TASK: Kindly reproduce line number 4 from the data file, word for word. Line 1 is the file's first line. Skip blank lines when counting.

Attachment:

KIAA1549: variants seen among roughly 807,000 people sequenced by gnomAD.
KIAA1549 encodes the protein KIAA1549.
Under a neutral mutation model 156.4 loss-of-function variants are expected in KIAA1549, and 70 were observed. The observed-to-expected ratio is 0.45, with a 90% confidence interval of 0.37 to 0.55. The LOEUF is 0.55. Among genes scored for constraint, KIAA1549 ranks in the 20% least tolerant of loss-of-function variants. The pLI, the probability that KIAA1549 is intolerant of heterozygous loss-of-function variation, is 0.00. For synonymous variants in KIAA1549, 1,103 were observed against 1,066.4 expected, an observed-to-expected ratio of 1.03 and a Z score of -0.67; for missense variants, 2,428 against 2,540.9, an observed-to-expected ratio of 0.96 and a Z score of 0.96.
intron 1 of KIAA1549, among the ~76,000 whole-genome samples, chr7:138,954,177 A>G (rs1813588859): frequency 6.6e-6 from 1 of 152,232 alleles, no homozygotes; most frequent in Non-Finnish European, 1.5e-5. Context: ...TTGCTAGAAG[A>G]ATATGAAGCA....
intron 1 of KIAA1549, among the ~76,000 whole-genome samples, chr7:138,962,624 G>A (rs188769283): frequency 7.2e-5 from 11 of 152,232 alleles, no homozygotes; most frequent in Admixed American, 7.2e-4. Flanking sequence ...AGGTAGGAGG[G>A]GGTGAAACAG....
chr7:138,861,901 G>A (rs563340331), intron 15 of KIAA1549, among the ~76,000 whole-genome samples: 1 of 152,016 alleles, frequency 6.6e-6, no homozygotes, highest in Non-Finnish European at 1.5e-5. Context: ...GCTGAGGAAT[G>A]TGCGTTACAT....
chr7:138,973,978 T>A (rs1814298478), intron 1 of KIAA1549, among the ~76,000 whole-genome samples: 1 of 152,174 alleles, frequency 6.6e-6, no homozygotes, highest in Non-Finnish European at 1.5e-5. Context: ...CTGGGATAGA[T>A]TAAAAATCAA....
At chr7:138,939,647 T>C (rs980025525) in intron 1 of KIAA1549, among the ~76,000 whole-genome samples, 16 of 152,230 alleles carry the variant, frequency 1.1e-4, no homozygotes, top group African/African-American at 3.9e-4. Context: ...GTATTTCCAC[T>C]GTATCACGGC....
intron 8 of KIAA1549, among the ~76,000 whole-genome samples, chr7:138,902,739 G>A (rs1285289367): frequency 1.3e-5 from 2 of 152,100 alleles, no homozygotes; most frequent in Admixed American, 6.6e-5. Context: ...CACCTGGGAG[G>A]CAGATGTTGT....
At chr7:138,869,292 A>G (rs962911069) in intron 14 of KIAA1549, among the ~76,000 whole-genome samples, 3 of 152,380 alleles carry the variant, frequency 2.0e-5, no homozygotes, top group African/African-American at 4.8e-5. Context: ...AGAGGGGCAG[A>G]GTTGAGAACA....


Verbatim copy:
intron 1 of KIAA1549, among the ~76,000 whole-genome samples, chr7:138,954,177 A>G (rs1813588859): frequency 6.6e-6 from 1 of 152,232 alleles, no homozygotes; most frequent in Non-Finnish European, 1.5e-5. Context: ...TTGCTAGAAG[A>G]ATATGAAGCA....